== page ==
Amazon sales rankings are somewhat like Fermat's Last Theorem - what they're saying makes apparent sense, but discerning how they work is seemingly impossible. Nevertheless, the fact is that they are routinely (obsessively?) scrutinised by writers - and that includes me. At least, I tell myself, the relative movements of the ranking are indicative of something, even if they contain no absolute information. Earlier this year, Sand attained a heady rank in the 5000s of total book sales, an achievement that gave me some pleasure since I felt I could visualise a wall of shelves with 5000 books on them and, on the bottom shelf on the right, Sand. But most of the time the book inhabits the five-figure ranks, periodically wallowing in the quicksand of six figures.
And then, on August 2, I was startled by a strangled cry from my wife on the computer downstairs - I rushed down, desperately trying to focus poorly formed recollections of how to perform the Heimlich Maneuver (or Manoeuvre - I couldn't even remember how to spell it), to find her transfixed, pointing with a shaking finger at the monitor. My Amazon ranking was 572! No, that's not a typo, I was rubbing spines with the stars - well, not, of course, the Harry Potters, but a shelf of five hundred or so books is simply a small section in a chain bookstore. The book was number one in various "natural resources" and geology categories.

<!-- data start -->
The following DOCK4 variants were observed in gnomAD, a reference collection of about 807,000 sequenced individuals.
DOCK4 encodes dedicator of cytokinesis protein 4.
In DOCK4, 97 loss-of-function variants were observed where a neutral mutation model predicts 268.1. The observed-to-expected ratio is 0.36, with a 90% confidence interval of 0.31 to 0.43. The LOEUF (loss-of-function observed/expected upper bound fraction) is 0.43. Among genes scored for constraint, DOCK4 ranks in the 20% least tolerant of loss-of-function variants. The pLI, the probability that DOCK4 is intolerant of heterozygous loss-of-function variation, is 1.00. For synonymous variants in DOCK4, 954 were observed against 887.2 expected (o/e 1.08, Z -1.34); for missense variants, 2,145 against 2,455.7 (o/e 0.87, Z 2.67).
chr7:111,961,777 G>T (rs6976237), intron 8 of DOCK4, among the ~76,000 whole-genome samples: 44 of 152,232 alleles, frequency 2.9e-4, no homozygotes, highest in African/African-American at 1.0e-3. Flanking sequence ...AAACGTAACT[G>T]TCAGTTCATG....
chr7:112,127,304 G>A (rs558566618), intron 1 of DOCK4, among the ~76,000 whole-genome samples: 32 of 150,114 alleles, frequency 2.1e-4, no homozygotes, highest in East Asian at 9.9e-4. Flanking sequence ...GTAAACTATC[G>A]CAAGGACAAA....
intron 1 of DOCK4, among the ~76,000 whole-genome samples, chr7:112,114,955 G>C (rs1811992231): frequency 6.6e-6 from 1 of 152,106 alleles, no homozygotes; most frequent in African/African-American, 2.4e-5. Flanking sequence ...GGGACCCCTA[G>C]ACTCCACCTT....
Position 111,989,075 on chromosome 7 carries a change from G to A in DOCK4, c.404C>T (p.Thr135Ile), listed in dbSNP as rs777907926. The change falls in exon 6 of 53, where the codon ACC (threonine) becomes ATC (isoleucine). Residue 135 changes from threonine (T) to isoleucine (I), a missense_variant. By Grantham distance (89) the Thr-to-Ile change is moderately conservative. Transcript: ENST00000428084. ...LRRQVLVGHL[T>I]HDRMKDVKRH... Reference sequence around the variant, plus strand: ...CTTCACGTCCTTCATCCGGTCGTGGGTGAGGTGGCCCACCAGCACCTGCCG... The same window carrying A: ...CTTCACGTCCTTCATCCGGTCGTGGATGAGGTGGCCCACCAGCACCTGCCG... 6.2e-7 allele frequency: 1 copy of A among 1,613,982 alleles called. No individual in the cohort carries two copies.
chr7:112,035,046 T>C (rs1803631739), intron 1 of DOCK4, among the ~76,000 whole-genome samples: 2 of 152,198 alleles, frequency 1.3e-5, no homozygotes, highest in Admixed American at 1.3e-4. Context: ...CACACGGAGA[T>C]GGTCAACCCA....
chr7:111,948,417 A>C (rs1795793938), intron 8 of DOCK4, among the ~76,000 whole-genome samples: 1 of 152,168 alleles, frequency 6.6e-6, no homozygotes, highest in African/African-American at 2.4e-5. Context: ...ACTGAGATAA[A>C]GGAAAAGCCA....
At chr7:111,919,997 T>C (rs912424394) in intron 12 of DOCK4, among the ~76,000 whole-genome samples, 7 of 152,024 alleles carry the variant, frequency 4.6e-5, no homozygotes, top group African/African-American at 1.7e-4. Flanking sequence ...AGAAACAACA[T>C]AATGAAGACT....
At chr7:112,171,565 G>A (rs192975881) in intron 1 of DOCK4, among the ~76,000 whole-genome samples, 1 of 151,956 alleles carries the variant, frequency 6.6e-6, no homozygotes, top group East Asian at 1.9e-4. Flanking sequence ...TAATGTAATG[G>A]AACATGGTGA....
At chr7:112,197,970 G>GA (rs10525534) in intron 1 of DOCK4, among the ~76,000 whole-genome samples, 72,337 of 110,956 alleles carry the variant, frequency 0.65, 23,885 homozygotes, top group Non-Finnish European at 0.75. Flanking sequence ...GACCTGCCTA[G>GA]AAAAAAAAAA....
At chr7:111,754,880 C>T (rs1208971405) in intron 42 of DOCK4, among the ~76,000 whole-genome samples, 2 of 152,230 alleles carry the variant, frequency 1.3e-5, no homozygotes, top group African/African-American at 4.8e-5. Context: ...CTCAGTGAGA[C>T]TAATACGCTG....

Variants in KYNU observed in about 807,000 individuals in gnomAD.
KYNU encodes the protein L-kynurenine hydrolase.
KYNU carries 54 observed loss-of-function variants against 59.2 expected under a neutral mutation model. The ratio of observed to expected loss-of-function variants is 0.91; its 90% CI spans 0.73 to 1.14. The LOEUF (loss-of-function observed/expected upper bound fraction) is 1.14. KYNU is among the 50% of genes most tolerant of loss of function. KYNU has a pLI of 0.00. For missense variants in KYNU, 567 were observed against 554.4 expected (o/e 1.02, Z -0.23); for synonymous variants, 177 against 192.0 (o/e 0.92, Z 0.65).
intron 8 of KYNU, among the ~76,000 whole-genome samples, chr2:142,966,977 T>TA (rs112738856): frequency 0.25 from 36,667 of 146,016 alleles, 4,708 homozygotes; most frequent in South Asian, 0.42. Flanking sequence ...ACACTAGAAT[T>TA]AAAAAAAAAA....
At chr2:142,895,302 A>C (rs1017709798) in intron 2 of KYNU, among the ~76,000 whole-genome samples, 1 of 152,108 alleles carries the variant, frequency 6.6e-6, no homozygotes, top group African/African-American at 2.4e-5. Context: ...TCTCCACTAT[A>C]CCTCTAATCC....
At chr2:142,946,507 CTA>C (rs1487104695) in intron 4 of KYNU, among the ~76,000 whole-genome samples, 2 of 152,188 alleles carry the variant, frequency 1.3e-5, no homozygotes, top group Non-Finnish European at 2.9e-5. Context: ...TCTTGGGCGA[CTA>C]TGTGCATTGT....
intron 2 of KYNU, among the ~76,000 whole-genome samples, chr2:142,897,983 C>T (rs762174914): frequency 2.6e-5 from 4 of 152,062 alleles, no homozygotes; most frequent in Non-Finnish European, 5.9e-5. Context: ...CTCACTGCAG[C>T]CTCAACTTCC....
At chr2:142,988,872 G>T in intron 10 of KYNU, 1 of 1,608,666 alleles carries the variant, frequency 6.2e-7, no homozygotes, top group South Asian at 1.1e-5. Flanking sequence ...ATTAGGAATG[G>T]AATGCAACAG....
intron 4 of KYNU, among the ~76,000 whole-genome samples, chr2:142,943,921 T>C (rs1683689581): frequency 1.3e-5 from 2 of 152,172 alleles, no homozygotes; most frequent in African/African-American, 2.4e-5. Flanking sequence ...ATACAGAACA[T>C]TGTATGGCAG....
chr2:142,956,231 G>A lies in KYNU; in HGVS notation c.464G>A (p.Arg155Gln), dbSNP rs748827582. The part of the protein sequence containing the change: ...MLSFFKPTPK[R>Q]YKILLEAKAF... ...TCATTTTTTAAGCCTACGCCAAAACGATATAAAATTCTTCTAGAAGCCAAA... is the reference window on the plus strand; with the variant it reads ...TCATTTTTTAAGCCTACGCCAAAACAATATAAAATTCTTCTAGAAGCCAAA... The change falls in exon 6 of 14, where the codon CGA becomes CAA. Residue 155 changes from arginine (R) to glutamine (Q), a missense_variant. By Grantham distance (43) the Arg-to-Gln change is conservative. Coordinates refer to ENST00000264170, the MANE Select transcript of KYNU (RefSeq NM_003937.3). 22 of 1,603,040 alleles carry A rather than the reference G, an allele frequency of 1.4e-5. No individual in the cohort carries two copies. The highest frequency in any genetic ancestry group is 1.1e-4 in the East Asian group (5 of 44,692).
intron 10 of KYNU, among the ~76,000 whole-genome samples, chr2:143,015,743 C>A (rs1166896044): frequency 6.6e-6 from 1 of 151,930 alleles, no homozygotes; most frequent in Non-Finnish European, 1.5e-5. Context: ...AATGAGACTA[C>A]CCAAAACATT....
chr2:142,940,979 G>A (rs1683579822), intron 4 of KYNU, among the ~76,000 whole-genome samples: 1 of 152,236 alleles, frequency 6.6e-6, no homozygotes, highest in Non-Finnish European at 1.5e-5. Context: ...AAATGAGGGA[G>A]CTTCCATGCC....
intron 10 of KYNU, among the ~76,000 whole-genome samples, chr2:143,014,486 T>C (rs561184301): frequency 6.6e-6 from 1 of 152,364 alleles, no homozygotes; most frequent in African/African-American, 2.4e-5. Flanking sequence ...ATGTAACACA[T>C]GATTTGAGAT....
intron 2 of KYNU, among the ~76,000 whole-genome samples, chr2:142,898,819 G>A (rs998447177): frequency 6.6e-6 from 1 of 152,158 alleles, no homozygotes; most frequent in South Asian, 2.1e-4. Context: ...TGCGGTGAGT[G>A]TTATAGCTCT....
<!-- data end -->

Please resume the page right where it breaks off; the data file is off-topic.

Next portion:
This was a complete mystery - what could it mean? Had Amazon been attacked, had their famous software finally gone haywire? Or (my fondest aspiration) had some far-sighted educational institution seen the value of Sand as a text for a "rocks for jocks" or "Environmental Studies 101" course? The publishers at the University of California Press were equally bemused - pleased but bemused.
Now I know what happened. Some time ago, I'd been contacted by Josh Landis. Together with Mitch Butler, he is co-creator of CBS News’ "The Fast Draw," an animated news series appearing on a number of CBS News broadcasts, including CBS Evening News with Katie Couric and CBS News Sunday Morning. He had told me that they were preparing a short segment (all of their pieces are just a few minutes in length) on sand - he wasn't sure when it would be broadcast. Having heard no more, I had forgotten about it, but we've now discovered that it went out on yes, August 2, and included a reference to the book. Wow. Of course, I have no idea whatsoever how many actual books were sold as a result, but it must have been this that caused the uplift, the orogeny, in the Amazon numbers. The Fast Draw segment, titled "Lessons of Sand" can be viewed online here - it's entertaining and only three minutes long.
The Amazon ranking as I write this? 21,239. The UK Oxford University Press edition is officially published on Thursday. It has a slightly different title - but that's another story. Amazon UK ranking? 109,085 - but my fingers are crossed.